Editor’s note: The views and opinions expressed in this article do not reflect those of The Collegian. The Collegian made an exception to AP style and allowed the italicization of a word to emphasize the opinions expressed by the author.
The University of Richmond, like other campuses, places a great stake in offsets to achieve its sustainability goals.
In 2018, UR announced plans to offset its carbon emissions with a 20-megawatt solar array (which can generate electricity equivalent to that used by 5,000 households yearly) in Spotsylvania County, 50 miles from campus. UR’s solar project, known as Spider Solar, went live in December 2020. UR claimed that because of this project it became "the first institution of higher education in the southeast to match 100 percent of its electricity needs with solar energy." This may sound like a great advance toward achieving zero emissions as quickly as possible — at least until you look at the kind of project Spider Solar is.
Spider Solar is a key part of a larger, 500 MW solar facility operated by sPower. sPower is an affiliate of AES, a company that has perpetrated deadly acts of environmental racism. These acts have most notably taken place in Puerto Rico, where it exposed communities to toxic coal ash over the course of several years. Spotsylvania Solar occupies 6350 acres — a size normally only possible to imagine in regions of significantly lower biodiversity — epitomizing one legitimate claim against solar (that it destroys farmland) at the core of an otherwise selfish and misinformed campaign to halt solar development in one of the most solar-tenable states in the US.
To identify the root problem with offsets, it is necessary to consider the rudimentary economics behind them. Institutions such as UR demand offsets for the emissions they cannot eliminate. Providers supply those offsets until equilibrium is reached. If they are doing good work, an oversupply of offsets would not be a bad thing — at least until offsetting institutions feel the need to drive up the demand for the offsetters' sake.
Anything can and will be leveraged for marketing value, but offsets by definition provide no other direct benefits to the purchaser. This means that the quality of offsets does not matter as long as they fulfill marketing objectives and so whenever the quality of offsets decreases even slightly, the marketing exceeds the true benefits — a phenomenon known as greenwashing.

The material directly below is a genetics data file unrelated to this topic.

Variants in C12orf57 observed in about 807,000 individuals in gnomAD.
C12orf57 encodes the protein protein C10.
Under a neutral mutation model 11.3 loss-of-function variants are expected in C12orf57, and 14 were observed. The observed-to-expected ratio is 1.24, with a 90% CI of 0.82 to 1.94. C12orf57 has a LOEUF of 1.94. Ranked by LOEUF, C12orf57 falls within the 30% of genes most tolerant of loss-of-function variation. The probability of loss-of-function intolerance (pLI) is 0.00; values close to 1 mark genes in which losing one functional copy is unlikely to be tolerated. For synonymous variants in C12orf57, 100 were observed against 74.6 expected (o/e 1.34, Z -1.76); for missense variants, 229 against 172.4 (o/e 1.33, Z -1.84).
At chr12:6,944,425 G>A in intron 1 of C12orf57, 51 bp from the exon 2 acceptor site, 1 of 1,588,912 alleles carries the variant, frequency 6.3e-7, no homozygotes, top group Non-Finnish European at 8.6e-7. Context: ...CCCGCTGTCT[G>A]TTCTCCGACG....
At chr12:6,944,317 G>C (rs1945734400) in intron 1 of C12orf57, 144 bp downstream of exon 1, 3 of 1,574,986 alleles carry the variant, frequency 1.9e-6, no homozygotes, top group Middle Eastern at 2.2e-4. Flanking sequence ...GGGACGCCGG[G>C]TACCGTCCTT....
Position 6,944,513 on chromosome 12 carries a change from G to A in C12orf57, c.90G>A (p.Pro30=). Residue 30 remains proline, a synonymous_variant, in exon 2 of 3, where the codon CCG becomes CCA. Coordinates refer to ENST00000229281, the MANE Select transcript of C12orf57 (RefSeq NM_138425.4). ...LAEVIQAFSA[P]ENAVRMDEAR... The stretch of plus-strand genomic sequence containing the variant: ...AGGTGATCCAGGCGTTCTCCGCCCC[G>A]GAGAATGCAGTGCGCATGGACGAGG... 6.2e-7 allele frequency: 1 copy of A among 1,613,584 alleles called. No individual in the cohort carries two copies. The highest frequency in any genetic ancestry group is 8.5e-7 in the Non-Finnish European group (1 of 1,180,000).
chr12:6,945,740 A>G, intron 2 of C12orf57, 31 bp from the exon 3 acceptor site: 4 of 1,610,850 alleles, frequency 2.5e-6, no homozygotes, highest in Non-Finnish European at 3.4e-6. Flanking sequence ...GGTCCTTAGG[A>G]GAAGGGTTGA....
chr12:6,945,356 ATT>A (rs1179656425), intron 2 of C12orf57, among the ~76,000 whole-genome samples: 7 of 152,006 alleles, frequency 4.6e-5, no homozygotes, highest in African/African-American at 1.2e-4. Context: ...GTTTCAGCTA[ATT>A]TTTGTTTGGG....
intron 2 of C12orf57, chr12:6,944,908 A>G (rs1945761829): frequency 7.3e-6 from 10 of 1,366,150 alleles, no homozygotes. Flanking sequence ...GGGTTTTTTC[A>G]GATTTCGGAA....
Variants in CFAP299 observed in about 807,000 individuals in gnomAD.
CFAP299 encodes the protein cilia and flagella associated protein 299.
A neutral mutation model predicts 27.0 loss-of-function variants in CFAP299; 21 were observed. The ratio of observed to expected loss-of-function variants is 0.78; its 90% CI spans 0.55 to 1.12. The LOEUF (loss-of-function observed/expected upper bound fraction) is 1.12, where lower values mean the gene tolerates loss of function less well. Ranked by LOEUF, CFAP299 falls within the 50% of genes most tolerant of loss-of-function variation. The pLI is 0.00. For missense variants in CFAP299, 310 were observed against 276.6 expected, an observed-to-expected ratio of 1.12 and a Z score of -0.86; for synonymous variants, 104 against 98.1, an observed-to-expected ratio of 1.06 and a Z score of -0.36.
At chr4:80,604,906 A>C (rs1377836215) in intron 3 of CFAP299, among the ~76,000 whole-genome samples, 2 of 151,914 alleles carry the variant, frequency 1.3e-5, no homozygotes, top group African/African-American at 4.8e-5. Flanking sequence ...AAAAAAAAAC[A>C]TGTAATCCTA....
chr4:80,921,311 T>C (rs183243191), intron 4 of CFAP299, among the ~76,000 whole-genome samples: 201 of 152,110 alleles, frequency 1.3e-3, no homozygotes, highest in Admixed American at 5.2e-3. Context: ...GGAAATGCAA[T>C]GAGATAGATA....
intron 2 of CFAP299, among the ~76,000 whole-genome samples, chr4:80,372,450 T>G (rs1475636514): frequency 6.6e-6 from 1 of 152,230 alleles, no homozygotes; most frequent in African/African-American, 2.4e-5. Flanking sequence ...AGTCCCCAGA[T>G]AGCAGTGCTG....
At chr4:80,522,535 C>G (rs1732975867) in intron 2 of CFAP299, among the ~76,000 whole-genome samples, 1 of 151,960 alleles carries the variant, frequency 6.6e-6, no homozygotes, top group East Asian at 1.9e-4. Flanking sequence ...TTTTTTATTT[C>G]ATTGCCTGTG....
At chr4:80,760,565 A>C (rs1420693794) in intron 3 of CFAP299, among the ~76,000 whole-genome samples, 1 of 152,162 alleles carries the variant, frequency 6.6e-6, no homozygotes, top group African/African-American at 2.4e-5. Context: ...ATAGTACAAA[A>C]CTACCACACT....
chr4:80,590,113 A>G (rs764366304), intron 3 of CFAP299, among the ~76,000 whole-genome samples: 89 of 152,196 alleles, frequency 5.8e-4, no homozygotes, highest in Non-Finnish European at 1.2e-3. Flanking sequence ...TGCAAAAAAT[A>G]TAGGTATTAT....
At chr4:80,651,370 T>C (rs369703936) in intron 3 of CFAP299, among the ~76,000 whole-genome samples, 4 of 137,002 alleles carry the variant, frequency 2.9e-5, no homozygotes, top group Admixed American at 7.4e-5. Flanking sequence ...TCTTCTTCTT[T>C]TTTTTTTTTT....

But on a deeper level, an oversupply of offsets is a contradiction in terms. A key principle all offsets must adhere to is additionality: the idea that the offset project would not have happened without the offsetting institution's support. If a company builds a project on its own initiative and then markets it as an offset, how can it have happened with the purchaser's support?
In another case, an offsetter might supply an idea for a project and receive funds from the offsetting institution to implement it — like a loan that does not require repayment. But even then, if funds from any institution will do, no one institution can claim a project only happened through its support.
This scenario brings to light an absurdity particular to universities in this marketplace: In what world are businesses better equipped to provide ideas than universities, and universities better equipped to provide money than businesses?
Clearly, the initiative (the idea, some funding, labor, community engagement) for any offset project must come from the offsetting institution itself — at which point we would no longer call it an offset. For UR, this might mean partnering with communities in the Richmond area to combat clear issues like urban heat and air pollution with solutions involving rooftop and other small-scale solar installations. Such an initiative might not correspond directly with UR's emissions numbers, but when UR inevitably markets it, it will be much more representative of real work by the UR community.
As for renewable energy, of course, our world needs a lot of it — and it's understandable to want to build as big as possible. But there are much better ways to do it. Parking lots, water bodies, abandoned mines and landfills can all support solar development, and pollinator meadows and sheep grazing can increase biodiversity between rows of panels. The places we can put solar panels are limited mainly by our imagination, and insofar as ground arrays are a necessity, the land underneath does not have to be worthless otherwise.
Successful energy transition will require creativity and initiative, traits of which UR and other universities are capable. There is no reason we should rely on others to think for us.